Out of the oven these soft pretzel rolls are perfectly puffy and wonderfully salty and chewy. They look like they come from a gourmet bakery!

So I know I tend to be a bit dramatic about food, but I kid you not, these soft pretzel rolls are one of the best breads to ever come out of my kitchen.

And I’ve made a lot of bread over the years.

A basket full of salted golden brown pretzel rolls.

Brian didn’t even believe I actually made these (rude!) because they look like something that would come from a gourmet bakery or fancy restaurant, neither of which happen to be in big supply in my cute little town.

In his defense, I do have to admit that even I let out a real, live squeal of joy when I first made these and they came out of the oven looking like, well, pretzel rolls!

Rich, dark brown color, perfectly puffed and wonderfully salty and chewy. I promise that not only are these absolutely makeable (not nearly as hard as you think, I promise!), they will solidify instant rockstar status. I’m not kidding…just look at them.

I just looked and now I want to eat 50 right this minute.

I’ve included a step-by-step below for anyone a little hesitant about delving into the world of pretzel rolls (don’t be hesitant!).

Boiling the dough in a baking soda water bath prior to baking gives the pretzel rolls a delightfully chewy texture and helps crisp up the outside of the roll while baking.

Collage of pictures and instructions showing how to make pretzel rolls.

And can I just emphasize again for the sake of emphasizing that: oh my heavens, these rolls are amazing.

Through the many revisions of this recipe, we’ve enjoyed these babies with everything from soup to spaghetti to buns for sandwiches and grilled hamburgers.

Well, that’s when any of the rolls actually make it to mealtime. Most often, we gobble these perfectly perfect pretzel rolls up after they exit the oven and our favorite way to enjoy them is slightly warm with a thick wedge of sharp cheddar cheese.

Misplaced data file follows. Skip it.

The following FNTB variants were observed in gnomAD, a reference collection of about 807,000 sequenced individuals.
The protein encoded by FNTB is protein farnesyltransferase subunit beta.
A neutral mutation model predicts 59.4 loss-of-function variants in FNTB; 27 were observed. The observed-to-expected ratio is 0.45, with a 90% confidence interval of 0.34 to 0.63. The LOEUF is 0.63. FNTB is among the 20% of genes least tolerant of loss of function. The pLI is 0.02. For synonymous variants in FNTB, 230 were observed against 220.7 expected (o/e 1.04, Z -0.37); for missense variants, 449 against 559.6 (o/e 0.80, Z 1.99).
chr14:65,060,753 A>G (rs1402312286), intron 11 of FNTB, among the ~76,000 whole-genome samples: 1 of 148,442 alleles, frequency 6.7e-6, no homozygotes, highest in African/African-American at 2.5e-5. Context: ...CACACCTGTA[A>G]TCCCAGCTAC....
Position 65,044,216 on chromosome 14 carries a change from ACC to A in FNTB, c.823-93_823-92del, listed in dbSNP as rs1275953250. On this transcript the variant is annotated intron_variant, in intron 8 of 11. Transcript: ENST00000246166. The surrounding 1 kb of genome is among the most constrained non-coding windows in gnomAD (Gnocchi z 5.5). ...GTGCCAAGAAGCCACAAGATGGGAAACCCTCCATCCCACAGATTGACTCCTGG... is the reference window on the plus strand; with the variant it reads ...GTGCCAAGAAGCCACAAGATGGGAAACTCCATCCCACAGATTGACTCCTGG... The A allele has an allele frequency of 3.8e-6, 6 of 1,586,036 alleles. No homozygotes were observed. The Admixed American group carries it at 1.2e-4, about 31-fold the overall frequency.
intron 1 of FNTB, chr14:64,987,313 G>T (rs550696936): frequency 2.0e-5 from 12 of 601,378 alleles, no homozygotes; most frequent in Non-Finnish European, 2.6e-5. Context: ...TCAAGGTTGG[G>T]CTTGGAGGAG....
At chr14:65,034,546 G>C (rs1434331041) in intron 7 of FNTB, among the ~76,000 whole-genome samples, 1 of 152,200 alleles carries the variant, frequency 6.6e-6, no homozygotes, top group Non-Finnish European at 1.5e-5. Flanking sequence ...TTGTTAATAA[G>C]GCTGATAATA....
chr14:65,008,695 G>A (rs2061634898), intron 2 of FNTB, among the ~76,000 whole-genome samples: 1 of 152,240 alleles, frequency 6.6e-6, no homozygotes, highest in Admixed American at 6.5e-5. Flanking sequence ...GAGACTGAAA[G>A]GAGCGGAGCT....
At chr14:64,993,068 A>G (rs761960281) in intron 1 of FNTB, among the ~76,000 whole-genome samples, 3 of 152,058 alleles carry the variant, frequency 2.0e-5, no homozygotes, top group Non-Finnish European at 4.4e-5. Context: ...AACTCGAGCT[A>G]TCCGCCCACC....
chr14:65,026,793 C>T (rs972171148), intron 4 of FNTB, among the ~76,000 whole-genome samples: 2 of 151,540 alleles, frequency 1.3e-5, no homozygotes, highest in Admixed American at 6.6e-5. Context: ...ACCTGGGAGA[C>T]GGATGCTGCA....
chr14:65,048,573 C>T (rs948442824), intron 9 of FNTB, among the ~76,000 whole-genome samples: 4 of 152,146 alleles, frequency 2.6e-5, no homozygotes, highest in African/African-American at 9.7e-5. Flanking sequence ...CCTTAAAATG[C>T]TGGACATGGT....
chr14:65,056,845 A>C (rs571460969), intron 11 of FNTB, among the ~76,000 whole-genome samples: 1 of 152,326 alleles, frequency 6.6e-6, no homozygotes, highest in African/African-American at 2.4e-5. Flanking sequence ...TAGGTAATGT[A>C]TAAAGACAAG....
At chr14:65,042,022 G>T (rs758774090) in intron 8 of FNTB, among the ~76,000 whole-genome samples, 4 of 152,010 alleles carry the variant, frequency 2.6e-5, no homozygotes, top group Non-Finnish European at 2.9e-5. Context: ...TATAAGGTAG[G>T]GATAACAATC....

Rockstar status, baby, rockstar status.

A golden brown pretzel roll with a chunk split off on a white plate.

One Year Ago: Glazed Chocolate Chip Scones 
Two Years Ago: Hearty Turkey and Bean Chili
Three Years Ago: Autumn Minestrone Soup


Amazing Soft Pretzel Rolls

4.57 stars (287 ratings)



  • 1 tablespoon instant yeast
  • 2 tablespoons canola or vegetable oil
  • 2 cups warm milk, about 100-110 degrees F
  • 1 ½ cups warm water, about 100-110 degrees F
  • 2 teaspoons salt
  • 6 ½ – 8 cups unbleached all-purpose flour

Water Bath and Extras:

  • 3 quarts water
  • 1 tablespoon sugar
  • ¼ cup baking soda
  • Coarse salt for sprinkling


  • In the bowl of an electric mixer (or you can do this by hand in a large bowl), stir together the yeast, oil, milk and water. Add the salt and two cups of the flour. Add the rest of the flour gradually until a soft dough is formed and knead for 3-4 minutes. You may not need to use all the flour depending on many different factors (see the note) – add the flour until a soft dough is formed that clears the sides of the bowl. It is similar in texture to bagel dough and should be slightly more stiff and less sticky than, say, roll dough, but definitely still soft and not overfloured.